Parent Coach Tips You Should Follow

Most youth sport teams, or individual sports as tennis and golf, involve a parent coach. There is good and bad to the scenario of parent coach for the coach’s son or daughter. The good is the security the child has of their parent being the coach, as even when there is tension between them, they still do not have to deal with insecurity of an unknown volunteer coach. The bad is ironically the same, as kids, who have mom or dad as coach, do not get the experience of dealing with another adult. Having a parent coach or a non-parent coach can be a good or bad experience, depending on the personality and coaching competence of the adult, whether their parent, or another adult.

When a parent decides to coach their own child, they should do the following things as a parent coach, so the experience is a positive one, not only for their own child but for the team, too. Additionally, these parent coach ideas can prevent negative sport incidents during the season. 

Keys to Being a Great Parent Coach

1. Be fair with and consistent with coaching philosophy – the level played (travel or recreational) and the age of the players, helps coaches determine their coaching philosophy and how much emphasis is put on playing to win. Regardless, player development and fun should have equal, if not more, amount of emphasis. The coach’s philosophy should cover how playing time, batting order etc. is determined and the parent coach shares this decision making process with all at the beginning of the season.  The same goes for sharing rules on player discipline and for what is expected from players, pre-game, in-game and post-game, so that all know that players, including the coach’s child, will be treated the same with regards to all of those coaching decisions.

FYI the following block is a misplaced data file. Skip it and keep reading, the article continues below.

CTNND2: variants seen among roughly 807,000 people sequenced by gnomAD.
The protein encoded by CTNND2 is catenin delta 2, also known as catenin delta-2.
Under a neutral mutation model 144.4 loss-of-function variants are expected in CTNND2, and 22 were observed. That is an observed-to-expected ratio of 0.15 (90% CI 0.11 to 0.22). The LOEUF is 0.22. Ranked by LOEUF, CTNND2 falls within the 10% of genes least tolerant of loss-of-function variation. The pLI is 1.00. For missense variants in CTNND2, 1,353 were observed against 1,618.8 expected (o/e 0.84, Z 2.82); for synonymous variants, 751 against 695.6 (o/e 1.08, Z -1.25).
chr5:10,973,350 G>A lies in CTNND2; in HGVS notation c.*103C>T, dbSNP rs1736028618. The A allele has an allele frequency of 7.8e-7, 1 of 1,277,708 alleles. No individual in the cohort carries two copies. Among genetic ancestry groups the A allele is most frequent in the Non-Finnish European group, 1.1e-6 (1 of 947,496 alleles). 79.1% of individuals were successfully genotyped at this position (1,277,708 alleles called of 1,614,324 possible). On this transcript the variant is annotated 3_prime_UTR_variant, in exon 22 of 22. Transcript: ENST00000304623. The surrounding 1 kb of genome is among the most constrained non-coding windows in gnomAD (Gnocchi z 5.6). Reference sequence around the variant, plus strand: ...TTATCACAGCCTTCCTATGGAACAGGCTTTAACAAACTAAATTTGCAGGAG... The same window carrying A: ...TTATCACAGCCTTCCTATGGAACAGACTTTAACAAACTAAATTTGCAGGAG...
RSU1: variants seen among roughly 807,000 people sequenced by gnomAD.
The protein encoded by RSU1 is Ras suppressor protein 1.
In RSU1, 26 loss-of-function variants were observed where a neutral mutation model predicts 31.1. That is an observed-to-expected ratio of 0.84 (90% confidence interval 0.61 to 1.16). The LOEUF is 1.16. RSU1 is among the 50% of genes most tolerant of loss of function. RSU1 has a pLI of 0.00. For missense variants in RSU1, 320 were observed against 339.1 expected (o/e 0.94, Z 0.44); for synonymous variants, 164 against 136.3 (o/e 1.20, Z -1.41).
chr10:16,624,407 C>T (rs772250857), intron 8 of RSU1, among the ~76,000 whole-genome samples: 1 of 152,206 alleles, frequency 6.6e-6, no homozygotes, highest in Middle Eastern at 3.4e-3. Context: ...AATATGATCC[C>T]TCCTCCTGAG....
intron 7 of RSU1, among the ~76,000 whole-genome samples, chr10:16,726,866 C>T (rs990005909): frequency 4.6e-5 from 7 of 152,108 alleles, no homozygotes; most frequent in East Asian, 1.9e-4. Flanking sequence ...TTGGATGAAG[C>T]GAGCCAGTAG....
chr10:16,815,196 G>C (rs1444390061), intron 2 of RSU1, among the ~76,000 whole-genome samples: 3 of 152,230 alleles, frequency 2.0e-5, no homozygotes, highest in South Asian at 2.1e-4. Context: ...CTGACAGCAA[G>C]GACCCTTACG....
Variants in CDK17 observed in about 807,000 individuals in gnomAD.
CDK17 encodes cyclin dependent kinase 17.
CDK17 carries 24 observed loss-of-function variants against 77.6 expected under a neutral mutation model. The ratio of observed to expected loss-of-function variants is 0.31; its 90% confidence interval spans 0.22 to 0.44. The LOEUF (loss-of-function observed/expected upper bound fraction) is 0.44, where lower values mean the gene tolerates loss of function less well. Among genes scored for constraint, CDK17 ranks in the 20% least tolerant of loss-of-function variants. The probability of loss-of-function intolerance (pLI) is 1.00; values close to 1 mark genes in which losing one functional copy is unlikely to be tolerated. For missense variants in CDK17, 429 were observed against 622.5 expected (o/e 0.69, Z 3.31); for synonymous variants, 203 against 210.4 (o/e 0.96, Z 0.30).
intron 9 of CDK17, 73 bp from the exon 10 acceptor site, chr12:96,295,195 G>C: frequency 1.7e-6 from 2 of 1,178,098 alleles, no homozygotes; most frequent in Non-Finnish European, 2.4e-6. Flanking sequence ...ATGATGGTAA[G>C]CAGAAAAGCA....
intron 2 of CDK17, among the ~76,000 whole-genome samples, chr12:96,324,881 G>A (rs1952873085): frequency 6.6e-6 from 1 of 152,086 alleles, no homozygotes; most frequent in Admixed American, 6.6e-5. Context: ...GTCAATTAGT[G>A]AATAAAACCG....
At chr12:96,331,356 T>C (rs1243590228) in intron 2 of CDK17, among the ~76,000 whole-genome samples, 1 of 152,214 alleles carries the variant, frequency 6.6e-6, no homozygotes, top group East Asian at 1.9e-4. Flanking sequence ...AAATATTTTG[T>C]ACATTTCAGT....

2. It is important that the coach give equal attention and equal respect to all players, giving no more or no less of those to their own child. The coach’s child will recognize that behavior and respect their parent for it.

3. Treating their own child the same emotionally as the other players is the greatest challenge of the parent coach. Coaches, who can speak in the same tone to their son or daughter, as they do to the other players, have the chance to keep their child engaged and feeling, as they are just “one of the team.”

4. Finally, the parent coach should not expect more or less of an effort than from every team member. This is another challenging aspect of coaching one’s own, but necessary to avoid being too hard or too easy on them.

The parent coach, who can do the above things, makes an enjoyable environment for all, especially for their child and for their relationship with their child.

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